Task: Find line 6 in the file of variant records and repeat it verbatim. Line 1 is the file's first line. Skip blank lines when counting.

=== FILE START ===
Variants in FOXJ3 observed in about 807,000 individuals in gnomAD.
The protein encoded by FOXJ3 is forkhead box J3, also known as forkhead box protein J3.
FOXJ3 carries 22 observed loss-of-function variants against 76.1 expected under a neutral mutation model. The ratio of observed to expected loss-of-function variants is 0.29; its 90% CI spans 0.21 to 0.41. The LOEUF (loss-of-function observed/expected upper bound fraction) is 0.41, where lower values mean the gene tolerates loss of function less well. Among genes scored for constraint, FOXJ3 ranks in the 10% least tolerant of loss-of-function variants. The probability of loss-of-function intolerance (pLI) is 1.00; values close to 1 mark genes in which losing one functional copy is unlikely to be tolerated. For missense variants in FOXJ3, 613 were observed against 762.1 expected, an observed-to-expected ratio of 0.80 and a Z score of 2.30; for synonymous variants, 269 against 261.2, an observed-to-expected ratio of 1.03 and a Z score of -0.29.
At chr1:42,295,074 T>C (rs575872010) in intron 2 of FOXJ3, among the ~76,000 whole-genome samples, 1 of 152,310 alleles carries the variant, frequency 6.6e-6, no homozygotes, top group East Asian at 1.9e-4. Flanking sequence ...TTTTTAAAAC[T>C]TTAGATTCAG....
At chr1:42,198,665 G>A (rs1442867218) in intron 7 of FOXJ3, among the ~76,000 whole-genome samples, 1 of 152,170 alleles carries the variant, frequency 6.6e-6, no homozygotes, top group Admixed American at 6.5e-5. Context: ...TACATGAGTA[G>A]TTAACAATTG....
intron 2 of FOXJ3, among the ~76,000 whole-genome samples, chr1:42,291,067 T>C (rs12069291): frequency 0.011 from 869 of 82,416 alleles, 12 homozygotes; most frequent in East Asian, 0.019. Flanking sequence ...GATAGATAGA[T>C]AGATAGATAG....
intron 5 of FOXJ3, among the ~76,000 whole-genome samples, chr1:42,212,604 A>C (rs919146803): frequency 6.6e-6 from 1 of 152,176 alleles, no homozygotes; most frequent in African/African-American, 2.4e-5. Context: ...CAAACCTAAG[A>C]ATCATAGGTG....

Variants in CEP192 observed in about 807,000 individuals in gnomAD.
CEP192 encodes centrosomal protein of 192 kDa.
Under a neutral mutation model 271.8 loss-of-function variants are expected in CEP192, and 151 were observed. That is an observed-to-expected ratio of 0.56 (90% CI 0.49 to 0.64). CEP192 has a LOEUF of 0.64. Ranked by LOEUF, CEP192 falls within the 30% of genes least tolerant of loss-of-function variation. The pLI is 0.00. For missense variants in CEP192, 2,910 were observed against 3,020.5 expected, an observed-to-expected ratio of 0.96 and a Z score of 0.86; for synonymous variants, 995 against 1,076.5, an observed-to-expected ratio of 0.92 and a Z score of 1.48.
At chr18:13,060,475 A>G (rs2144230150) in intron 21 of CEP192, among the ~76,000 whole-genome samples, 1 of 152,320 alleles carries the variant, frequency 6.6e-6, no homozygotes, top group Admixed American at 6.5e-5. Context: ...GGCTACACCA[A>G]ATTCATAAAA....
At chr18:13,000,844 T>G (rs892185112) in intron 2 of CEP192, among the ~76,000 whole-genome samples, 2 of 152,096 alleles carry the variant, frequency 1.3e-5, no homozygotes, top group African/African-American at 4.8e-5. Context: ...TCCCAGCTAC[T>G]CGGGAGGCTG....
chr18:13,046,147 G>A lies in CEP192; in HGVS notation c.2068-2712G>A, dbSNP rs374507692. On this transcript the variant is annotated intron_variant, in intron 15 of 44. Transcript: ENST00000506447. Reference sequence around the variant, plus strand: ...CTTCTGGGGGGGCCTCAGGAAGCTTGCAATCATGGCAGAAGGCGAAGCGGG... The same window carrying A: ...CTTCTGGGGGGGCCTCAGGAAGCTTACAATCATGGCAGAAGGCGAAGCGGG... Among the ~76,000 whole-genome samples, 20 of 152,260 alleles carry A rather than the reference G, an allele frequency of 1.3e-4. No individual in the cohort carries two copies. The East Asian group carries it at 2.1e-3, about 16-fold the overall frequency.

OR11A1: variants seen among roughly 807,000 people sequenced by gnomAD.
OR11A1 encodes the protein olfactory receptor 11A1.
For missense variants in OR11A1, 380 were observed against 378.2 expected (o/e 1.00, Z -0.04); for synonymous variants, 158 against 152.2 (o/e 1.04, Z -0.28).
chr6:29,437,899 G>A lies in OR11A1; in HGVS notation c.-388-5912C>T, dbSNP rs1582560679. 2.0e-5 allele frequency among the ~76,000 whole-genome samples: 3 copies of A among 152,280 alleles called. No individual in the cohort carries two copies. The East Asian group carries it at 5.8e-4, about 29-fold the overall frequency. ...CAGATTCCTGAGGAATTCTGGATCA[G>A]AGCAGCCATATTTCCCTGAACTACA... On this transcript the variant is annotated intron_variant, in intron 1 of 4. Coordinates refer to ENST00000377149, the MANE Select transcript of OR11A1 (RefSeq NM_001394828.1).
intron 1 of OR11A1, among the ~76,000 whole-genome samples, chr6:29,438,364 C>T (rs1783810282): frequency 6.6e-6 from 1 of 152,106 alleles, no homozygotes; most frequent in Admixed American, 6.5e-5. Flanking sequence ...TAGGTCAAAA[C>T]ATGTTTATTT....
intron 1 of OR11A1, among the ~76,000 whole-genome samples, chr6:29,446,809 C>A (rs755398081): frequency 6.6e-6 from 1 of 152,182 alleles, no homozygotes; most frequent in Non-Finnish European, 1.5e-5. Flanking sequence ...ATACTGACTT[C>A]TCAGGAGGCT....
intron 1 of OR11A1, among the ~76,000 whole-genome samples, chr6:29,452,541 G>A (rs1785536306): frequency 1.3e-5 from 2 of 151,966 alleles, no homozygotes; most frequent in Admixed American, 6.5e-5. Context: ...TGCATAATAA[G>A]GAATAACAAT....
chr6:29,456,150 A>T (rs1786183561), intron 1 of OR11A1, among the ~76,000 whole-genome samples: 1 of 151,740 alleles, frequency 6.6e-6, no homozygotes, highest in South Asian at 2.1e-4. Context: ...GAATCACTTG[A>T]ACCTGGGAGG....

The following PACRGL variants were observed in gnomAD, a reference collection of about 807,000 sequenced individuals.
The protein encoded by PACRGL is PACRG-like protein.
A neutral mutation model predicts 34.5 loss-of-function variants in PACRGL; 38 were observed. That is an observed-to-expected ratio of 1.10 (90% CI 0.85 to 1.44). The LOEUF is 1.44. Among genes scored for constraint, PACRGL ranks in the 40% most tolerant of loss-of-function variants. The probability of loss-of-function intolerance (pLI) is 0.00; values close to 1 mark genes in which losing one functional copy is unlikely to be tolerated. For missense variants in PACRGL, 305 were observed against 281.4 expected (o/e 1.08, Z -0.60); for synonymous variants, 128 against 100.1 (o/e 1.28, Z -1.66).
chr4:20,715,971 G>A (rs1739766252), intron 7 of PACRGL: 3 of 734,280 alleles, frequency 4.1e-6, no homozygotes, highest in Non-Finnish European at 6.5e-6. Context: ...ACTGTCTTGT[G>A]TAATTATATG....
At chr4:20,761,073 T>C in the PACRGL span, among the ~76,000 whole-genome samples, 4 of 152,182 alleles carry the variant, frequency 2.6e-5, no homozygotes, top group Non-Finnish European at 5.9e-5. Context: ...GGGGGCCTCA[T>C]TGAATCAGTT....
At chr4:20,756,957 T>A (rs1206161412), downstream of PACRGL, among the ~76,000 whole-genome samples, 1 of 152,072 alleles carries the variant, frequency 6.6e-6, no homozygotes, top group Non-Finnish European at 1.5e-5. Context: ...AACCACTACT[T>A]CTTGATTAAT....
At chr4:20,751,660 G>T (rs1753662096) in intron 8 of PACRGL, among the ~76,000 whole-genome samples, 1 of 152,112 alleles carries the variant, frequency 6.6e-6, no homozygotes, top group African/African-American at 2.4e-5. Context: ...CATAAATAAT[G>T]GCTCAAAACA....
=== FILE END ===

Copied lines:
intron 2 of FOXJ3, among the ~76,000 whole-genome samples, chr1:42,291,067 T>C (rs12069291): frequency 0.011 from 869 of 82,416 alleles, 12 homozygotes; most frequent in East Asian, 0.019. Flanking sequence ...GATAGATAGA[T>C]AGATAGATAG....